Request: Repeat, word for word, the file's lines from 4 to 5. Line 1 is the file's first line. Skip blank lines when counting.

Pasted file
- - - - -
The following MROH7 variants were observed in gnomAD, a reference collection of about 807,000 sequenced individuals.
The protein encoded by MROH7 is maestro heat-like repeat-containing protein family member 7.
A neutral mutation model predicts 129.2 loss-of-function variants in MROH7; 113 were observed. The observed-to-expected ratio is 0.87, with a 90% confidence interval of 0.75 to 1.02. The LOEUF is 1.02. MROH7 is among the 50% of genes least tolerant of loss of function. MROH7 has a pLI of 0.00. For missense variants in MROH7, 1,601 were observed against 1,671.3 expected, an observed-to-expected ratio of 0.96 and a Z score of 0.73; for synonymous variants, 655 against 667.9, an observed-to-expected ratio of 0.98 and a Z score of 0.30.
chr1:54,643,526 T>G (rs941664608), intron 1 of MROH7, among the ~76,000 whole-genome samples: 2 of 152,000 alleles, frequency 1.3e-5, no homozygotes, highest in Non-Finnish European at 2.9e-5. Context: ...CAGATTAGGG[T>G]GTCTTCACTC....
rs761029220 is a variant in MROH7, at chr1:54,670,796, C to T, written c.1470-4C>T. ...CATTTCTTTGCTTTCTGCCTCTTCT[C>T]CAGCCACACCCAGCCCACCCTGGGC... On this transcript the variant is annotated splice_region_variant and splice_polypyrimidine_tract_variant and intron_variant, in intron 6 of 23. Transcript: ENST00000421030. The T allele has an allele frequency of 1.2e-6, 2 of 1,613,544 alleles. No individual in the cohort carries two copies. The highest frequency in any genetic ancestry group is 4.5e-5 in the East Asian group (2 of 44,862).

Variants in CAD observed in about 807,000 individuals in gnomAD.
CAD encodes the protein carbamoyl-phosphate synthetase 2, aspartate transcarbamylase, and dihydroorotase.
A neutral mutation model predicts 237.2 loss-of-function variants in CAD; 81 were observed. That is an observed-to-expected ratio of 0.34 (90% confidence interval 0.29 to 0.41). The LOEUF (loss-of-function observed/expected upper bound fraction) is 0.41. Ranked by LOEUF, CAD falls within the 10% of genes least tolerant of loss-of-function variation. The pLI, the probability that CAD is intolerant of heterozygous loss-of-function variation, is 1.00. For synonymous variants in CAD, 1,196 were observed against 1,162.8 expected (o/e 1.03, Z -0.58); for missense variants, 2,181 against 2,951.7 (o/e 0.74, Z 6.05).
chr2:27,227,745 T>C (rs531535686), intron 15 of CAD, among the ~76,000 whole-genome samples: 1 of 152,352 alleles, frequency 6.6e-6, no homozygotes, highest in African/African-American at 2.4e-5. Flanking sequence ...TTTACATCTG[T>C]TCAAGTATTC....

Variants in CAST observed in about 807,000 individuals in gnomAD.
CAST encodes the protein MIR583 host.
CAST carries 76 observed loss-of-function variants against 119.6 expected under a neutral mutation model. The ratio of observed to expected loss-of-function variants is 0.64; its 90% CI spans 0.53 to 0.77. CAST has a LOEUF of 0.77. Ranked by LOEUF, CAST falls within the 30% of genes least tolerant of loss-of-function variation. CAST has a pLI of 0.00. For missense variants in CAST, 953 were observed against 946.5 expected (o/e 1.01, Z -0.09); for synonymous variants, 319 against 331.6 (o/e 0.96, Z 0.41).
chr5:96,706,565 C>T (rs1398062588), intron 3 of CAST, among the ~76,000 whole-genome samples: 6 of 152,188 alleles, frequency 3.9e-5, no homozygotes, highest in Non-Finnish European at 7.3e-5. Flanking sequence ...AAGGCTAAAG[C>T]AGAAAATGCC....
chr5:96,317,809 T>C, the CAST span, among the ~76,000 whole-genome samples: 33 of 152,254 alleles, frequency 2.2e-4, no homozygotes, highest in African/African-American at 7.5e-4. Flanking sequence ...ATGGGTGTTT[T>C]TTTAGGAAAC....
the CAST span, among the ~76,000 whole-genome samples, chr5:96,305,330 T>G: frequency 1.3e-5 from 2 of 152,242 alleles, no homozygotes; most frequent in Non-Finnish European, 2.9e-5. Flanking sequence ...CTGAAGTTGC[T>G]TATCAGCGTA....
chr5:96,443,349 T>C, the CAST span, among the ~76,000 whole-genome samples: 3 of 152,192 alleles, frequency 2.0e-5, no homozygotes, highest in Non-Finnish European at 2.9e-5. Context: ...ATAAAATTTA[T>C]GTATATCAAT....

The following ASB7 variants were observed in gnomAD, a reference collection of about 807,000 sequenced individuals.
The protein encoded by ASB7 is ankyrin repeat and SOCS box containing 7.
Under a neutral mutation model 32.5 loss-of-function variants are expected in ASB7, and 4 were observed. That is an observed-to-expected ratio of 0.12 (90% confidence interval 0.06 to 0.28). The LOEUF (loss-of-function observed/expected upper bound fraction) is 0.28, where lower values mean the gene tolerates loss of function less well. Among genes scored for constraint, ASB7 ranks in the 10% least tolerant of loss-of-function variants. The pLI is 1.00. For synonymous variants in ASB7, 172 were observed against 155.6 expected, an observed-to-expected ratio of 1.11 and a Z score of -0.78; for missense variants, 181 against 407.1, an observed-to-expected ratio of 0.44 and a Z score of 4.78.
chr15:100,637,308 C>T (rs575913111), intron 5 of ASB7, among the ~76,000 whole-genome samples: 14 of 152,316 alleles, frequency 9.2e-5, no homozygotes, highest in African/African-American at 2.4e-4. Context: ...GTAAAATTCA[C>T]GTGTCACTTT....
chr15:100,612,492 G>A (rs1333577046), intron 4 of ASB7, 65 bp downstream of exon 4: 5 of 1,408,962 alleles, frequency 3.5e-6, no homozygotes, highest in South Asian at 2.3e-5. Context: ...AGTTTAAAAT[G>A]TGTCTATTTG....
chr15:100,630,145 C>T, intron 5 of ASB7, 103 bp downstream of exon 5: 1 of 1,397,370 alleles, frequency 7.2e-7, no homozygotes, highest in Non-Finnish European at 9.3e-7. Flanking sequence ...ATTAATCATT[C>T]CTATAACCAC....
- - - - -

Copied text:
chr1:54,643,526 T>G (rs941664608), intron 1 of MROH7, among the ~76,000 whole-genome samples: 2 of 152,000 alleles, frequency 1.3e-5, no homozygotes, highest in Non-Finnish European at 2.9e-5. Context: ...CAGATTAGGG[T>G]GTCTTCACTC....
rs761029220 is a variant in MROH7, at chr1:54,670,796, C to T, written c.1470-4C>T. ...CATTTCTTTGCTTTCTGCCTCTTCT[C>T]CAGCCACACCCAGCCCACCCTGGGC... On this transcript the variant is annotated splice_region_variant and splice_polypyrimidine_tract_variant and intron_variant, in intron 6 of 23. Transcript: ENST00000421030. The T allele has an allele frequency of 1.2e-6, 2 of 1,613,544 alleles. No individual in the cohort carries two copies. The highest frequency in any genetic ancestry group is 4.5e-5 in the East Asian group (2 of 44,862).